Inflation hits 20.77%, food supply, FX crises worsen


inflation2Nigeria’s Inflation hit a new high of 20.77 per cent in September as food supply, foreign exchange crisis, and increases in import costs worsened, according to the National Bureau of Statistics.

In August, the nation’s inflation rose to 17 year high of 20.52 per cent which has now been broken by September’s figure.

The statistics body disclosed this in its ‘Consumer Price Index’ report which was released on Monday. It listed the likely factors for the increase in inflation year-on-year as the disruption in the supply of food products, increase in import cost due to the persistent currency depreciation, and general increase in the cost of production.

It said, “Likely factors responsible for the decline in the monthly inflation rate (Month-on-month basis).

“Over the past two months, there has been a decline in headline inflation on a month-on-month basis due to a decline in the changes in the food index relative to the reference month index which is due to the present harvest season.

“Likely factors responsible for the increase in annual inflation rate (year-on-year basis). Disruption in the supply of food products

“Increase in import cost due to the persistent currency depreciation. General increase in the cost of production.”

The NBS further said, “In September 2022, on a year–on- year basis, the headline inflation rate was 20.77 per cent. This was 4.14 per cent points higher compared to the rate recorded in September 2021, which was (16.63 per cent).

“This indicates that in the month of September 2022 the general price level was 4.14 per cent higher relative to September 2021. On a month-on-month basis, the Headline inflation rate in September 2022 was 1.36 per cent, this was 0.41 per cent lower than the rate recorded in August 2022 (1.77 per cent).”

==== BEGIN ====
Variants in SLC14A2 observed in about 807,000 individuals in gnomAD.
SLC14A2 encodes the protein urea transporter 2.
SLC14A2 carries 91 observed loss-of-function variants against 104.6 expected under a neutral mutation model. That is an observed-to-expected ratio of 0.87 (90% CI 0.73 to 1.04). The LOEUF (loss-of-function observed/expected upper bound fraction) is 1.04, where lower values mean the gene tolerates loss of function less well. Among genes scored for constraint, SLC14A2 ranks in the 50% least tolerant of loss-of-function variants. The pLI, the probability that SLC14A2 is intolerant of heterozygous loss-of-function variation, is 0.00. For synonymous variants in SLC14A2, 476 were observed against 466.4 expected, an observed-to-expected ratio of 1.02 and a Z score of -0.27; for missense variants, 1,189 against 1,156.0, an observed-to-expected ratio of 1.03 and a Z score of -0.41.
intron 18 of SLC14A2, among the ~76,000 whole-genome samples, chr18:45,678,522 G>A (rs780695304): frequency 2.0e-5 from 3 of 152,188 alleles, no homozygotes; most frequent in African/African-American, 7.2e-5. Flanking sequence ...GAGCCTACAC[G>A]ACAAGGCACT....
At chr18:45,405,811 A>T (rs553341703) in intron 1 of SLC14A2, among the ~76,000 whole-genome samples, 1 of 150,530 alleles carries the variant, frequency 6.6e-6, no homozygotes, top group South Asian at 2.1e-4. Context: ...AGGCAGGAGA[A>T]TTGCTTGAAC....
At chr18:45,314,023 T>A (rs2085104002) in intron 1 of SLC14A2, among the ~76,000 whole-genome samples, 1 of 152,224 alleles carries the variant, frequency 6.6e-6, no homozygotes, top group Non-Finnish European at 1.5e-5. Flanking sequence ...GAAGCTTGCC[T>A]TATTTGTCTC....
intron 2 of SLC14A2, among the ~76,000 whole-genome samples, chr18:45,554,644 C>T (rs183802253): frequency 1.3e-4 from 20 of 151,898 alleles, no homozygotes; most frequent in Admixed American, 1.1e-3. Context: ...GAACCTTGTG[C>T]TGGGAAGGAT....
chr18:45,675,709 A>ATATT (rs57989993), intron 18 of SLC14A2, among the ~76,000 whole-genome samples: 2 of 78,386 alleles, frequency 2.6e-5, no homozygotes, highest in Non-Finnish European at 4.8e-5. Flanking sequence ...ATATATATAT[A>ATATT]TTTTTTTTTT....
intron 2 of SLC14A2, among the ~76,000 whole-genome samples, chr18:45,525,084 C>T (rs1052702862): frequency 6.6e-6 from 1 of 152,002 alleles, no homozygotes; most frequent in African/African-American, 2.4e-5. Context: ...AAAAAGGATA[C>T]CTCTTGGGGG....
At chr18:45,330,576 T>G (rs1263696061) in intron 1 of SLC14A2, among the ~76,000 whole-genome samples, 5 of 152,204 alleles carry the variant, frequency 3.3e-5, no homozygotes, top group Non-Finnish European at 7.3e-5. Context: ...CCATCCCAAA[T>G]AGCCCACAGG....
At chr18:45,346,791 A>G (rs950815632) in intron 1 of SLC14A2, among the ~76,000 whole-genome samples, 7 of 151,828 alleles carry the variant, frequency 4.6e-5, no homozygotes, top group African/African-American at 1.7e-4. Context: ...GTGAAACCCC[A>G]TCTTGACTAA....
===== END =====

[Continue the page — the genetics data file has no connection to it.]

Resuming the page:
The report further revealed that urban inflation is now 21.25 per cent while rural inflation rate was 20.32 per cent y-o-y in September.

The NBS revealed that food inflation rose to 23.34 per cent in September, y-o-y, because of increases in the price of bread, cereals, potatoes, yam, oil, fat, and other food products.

It stated, “The average annual rate of food inflation for the twelve-month period ending September 2022 over the previous twelve-month average was 19.36 per cent, which was a decline of 1.35 per cent points from the average annual rate of change recorded in September 2021 (20.71 per cent).”

Inflation is highest in Kogi (23.82 per cent), Rivers (23.49 per cent), and Benue (22.78 per cant), and lowest in Abuja (17.87 per cent), Borno (18.12 per cent), and Adamawa (18.42 per cent).


Commenting on the increasing rate of inflation, the Director-General of the Nigerian Association of Chambers of Commerce, Industry, Mines, and Agriculture, Olusola Obadimu, described any inflation rate that is above 20 per cent as bad for the production sector.

According to him, there is a lack of political will by the managers of the economy to take the decisions needed to address the nation’s mounting economic challenges.

While speaking exclusively to one of our correspondents, he said, “Every fraction of increase is not good. If you listen to foreign news, every fractional increase in inflation is big news. It may look small, but it’s significant.